Moonlighting – Legal Considerations And Contractual Regulation


The concept of ‘double employment’ or ‘dual employment’ has not been expressly defined under Indian laws.

However, the Supreme Court in the case of Manager, Pyarchand Kesarimal Ponwal Bidi Factory vs. Omkar Laxman Thange and Ors. (AIR 1970 SC 823), which dealt with the transfer of an employee from a factory to the head office, observed, The general rule in respect of relationship of master and servant is that a subsisting contract of service with one master is a bar to service with other master unless the contract otherwise provides or the master consents.”

The Madras High Court in the case of Government of Tamil Nadu vs. Tamil Nadu Race Course General Employees Union (1993 I LLJ 977 Mad), citing the aforementioned Supreme Court judgement held, “If the contract otherwise provides, or the master consents, there may not be any prohibition to have dual employers.”

Therefore, the position under Indian law is that dual employment is permitted, subject to the employment arrangement providing for dual employment or with prior consent of the respective employers.

This position is also reflected through the model standing orders—which are essentially template service rules—prescribed under the Industrial Employment (Standing Orders) Act, 1948 (“IESO Act”)[1].

It is also important to note that there are legislations that recognise and implicitly permit dual employment.

The Factories Act, 1948, and certain state shops and establishments legislations—such as those applicable to Haryana and Delhi—impose restrictions on working hours in the context of dual employment, even though they do not explain the concept of dual employment or otherwise state that dual employment is permissible.

These legislations provide that an employer may not engage an employee to work in excess of the prescribed working hour limits across their employment with different establishments.

For example, if the daily prescribed working hours are nine, and an employee is employed by X company and Y company, X and Y companies must employ the employee such that the total hours worked by the employee on any given day for X and Y companies put together, should not exceed nine hours.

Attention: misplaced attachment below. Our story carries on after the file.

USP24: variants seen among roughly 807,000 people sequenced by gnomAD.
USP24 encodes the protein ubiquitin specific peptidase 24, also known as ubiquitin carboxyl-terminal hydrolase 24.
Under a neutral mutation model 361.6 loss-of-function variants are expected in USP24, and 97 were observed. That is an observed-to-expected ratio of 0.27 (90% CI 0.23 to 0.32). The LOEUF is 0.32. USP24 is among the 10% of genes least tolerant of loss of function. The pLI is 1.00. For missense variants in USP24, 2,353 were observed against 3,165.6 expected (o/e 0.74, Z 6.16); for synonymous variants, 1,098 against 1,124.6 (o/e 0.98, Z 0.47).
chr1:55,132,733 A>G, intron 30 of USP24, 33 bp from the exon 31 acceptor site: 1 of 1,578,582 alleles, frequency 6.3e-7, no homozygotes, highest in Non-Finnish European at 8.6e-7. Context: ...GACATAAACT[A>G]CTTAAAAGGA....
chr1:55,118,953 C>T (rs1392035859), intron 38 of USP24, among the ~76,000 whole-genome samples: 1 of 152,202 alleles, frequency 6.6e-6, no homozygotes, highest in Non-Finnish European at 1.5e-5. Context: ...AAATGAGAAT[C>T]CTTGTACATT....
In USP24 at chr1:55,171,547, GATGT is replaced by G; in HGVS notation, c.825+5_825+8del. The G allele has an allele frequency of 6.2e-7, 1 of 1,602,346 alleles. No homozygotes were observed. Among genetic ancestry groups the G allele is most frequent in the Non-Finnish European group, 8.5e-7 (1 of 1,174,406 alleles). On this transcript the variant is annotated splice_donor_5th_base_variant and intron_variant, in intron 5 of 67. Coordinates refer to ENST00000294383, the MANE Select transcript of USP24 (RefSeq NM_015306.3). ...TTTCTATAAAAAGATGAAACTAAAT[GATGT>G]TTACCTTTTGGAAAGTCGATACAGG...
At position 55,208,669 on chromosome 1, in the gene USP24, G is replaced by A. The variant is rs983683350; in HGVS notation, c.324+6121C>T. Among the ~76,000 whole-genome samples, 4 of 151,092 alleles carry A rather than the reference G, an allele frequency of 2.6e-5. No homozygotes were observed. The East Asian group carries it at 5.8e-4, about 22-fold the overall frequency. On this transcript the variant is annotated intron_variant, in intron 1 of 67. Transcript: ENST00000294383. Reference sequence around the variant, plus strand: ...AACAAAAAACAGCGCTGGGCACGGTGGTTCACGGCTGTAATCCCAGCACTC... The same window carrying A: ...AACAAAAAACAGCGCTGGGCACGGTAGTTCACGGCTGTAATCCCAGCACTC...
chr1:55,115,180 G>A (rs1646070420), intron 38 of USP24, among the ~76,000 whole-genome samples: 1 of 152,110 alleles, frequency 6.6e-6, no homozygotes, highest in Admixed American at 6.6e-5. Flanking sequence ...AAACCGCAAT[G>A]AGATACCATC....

Separately, an employer may also face practical challenges, such as in making provident fund contributions under the Employees’ Provident Funds and Miscellaneous Provisions Act, 1952 (“EPF Act”), in respect of employees employed by more than one employer.

Under the current framework, an individual member of the Employees’ Provident Fund Organisation is allotted a Universal Account Number or UAN, which is linked to a code number allotted to an employer covered under the EPF Act, which may make it administratively difficult for more than one employer to make EPF contributions in respect of the same individual at the same time.

A similar difficulty would be encountered in respect of employees’ state insurance contributions under the Employees’ State Insurance Act, 1948.

Do note that the above restrictions and practical difficulties would be relevant only where an individual is employed by more than one person.

Consequently, these matters would not be relevant if there are two distinct relationships at play: (i) an employer-employee relationship and (ii) any different type of relationship—such as consultancy arrangement, project based/ gig-based assignment.

In such scenarios, the permissibility of the second arrangement would be entirely dependent on the contractual terms of the individual’s agreements with the engaging entities.

Contractual terms restricting dual employment and/or second engagements are enforceable under Indian law and the Supreme Court has on multiple occasions upheld non-compete clauses in employment agreements that are operative during the term of an individual’s employment agreement.


Source link

What is your reaction?

In Love
Not Sure

You may also like

Comments are closed.

More in:Business